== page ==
Screen printing, also called serigraphy or silk screening, is a technique of applying ink onto material (like paper, fabric, or canvas) using a woven mesh and a stencil. The stencil is attached to the mesh or is created on the mesh with photo-reactive chemical emulsions, and the ink is pressed through the mesh onto the material with a squeegee or a rubber blade. The stencil allows the ink to pass through only where the artwork is located, leaving the design on the material.
Because this process is relatively simple and the materials needed are fairly inexpensive and easy to obtain, screen printing is a popular craft for hobbyists and individual artists, as well as for commercial production. Those who are interested in successful screen printing can benefit from a brief history of screen printing and from an explanation of the eight steps for creating a screen print using photosensitive emulsions, including several tips for doing each step successfully. They can also search for and purchase screen printing materials and equipment at brick and mortar craft stores and at online marketplaces like eBay..
A Brief History of Screen Printing
Screen printing first appeared in China during the Song Dynasty (960 to 1279 CE) and migrated to Western Europe in the late 18th century. The art was called "silk screen printing" because silk was used in the process prior to the invention of polyester mesh. Because silk was costly and hard to come by, the art did not gain popularity in Europe until silk became more widely available as trade between Europe and Asia increased.
Andy Warhol popularized screen printing with his iconic images of Marilyn Monroe in the early 1960s. Because of this pop influence (and because screen printing materials are readily available), the technique has been popular in underground movements and subcultures ever since. In 1969, American entrepreneur, artist, and inventor Michael Vasilantone patented a rotary multi-color garment screen printing machine. Originally manufactured to print logos and team information on bowling shirts, the technology was soon directed to printing on T-shirts. Today, more than half of the screen printing in the United States is done on garments.
8 Steps for Successful Screen Printing
The process of screen printing using mesh stencils made with photosensitive chemical emulsions are explained below, with helpful tips for each step to enable any artist (whether novice or expert) to achieve success in screen printing.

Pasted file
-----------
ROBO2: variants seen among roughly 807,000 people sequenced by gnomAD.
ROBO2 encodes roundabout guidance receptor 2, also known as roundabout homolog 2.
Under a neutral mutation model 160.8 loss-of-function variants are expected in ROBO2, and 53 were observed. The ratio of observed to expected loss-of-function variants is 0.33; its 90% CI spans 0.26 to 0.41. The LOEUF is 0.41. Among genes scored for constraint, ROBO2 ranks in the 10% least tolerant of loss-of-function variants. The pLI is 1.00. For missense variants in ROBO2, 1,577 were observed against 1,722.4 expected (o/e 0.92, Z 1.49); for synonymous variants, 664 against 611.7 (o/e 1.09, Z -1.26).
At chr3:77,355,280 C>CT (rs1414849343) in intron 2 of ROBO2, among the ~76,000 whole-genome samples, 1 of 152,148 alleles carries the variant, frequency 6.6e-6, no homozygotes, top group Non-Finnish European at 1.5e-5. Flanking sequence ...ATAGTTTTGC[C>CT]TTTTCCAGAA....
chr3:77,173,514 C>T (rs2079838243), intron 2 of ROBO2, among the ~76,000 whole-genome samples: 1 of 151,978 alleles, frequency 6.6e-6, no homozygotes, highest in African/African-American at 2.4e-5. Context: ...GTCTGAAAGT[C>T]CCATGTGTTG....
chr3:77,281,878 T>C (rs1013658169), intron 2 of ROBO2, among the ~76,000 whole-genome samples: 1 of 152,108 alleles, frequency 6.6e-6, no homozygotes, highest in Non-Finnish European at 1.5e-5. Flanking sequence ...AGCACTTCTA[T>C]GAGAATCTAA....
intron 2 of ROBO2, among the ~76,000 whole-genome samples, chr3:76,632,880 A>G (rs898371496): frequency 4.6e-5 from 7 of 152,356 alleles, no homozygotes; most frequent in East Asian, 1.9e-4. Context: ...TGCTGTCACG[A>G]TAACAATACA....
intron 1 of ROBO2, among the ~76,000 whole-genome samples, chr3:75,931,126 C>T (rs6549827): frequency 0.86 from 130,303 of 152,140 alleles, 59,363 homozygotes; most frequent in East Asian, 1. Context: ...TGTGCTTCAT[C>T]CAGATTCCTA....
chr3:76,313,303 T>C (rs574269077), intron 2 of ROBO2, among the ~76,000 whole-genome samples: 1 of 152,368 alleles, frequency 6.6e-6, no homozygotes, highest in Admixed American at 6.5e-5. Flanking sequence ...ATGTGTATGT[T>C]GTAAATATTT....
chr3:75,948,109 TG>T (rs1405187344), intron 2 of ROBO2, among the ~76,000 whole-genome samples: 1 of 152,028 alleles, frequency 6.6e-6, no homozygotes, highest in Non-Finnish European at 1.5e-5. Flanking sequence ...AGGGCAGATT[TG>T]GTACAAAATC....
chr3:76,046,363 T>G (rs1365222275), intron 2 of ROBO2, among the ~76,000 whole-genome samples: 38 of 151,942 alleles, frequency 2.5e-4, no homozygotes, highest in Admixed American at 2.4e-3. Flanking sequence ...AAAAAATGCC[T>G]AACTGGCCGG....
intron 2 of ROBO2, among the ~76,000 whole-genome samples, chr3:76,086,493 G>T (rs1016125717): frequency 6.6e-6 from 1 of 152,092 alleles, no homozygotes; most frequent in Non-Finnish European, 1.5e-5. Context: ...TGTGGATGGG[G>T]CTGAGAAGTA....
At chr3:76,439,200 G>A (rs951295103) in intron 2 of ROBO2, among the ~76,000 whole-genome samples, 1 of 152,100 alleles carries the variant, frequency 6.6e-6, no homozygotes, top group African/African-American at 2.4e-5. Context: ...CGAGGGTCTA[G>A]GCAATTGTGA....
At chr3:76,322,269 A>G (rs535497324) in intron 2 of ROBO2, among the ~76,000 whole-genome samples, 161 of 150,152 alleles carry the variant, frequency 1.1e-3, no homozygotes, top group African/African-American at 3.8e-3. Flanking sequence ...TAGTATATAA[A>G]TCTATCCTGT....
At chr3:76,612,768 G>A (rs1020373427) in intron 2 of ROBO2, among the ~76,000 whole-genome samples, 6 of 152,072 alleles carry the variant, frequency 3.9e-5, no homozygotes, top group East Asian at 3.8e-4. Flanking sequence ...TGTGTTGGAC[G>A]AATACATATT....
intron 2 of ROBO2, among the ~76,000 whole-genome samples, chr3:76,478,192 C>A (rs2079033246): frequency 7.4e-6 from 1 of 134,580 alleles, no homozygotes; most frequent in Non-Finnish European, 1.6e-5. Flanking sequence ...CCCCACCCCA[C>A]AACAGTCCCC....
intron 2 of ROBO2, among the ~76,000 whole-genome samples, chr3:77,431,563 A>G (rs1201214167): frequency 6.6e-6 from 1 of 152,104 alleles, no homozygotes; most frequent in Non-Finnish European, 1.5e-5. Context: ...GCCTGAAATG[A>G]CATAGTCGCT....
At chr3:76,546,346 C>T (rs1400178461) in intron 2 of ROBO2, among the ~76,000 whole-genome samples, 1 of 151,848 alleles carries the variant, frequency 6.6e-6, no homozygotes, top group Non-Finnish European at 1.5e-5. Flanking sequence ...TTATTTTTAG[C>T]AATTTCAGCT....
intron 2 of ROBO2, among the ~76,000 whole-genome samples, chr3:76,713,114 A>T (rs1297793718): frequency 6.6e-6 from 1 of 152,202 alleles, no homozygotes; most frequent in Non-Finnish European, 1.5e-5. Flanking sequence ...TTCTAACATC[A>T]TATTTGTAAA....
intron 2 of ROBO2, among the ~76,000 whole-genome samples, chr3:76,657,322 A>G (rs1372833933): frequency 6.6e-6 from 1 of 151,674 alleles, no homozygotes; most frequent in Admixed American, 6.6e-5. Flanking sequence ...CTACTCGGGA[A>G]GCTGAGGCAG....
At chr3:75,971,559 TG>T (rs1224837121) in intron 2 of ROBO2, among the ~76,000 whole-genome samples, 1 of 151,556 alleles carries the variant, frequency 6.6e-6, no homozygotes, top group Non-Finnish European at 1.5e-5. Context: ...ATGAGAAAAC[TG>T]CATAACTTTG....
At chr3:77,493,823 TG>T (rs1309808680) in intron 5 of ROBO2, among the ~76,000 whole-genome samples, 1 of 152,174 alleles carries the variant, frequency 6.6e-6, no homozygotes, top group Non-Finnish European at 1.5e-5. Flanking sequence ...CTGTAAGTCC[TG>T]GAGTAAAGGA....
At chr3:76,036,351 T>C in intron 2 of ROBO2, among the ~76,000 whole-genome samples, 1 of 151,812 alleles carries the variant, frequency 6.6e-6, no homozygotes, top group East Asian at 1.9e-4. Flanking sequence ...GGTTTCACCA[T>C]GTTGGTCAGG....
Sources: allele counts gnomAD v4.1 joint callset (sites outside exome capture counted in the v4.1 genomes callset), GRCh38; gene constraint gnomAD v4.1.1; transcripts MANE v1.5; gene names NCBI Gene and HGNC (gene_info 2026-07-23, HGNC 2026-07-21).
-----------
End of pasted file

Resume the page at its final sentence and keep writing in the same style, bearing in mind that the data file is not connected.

1. Choose or Create the Artwork to Be Screen Printed
The best way to prepare artwork to be screen printed is to have it copied onto a transparency. Most copy shops do this for a very small fee. Original artwork can be painted directly onto a transparency or onto any piece of sturdy, clear plastic. Beginners should create simple designs with fairly clear, thick lines since screen printing delicate, fine-lined artwork can be tricky.
The objective is to create what artists call a "film positive" of the artwork, which is 100 percent black on a clear background. Whether it is printed or hand-drawn, the artwork blocks the emulsion on the screen and the emulsion is washed off the design, allowing the ink to pass through the screen and transfer the design onto the T-shirt or other object that is imprinted.
2. Gather the Materials Needed for Screen Printing
Once the artwork to be screen printed has been selected and prepared, it is time to gather the rest of the necessary materials and equipment.
Object to Be Printed
The screen printing can be done on paper, on canvas, or on just about anything made from fabric, like a T-shirt, a tablecloth and napkins, a scarf, a tote bag, or simply a piece of fabric that is framed and hung as art. The object should be clean and ready to absorb the ink.
The screen frame is usually made of wood and is very tightly covered with a fine mesh material. This is the screen through which the ink is transferred onto the object to be printed. Metal screens are the most durable and stand up to many washings and printings.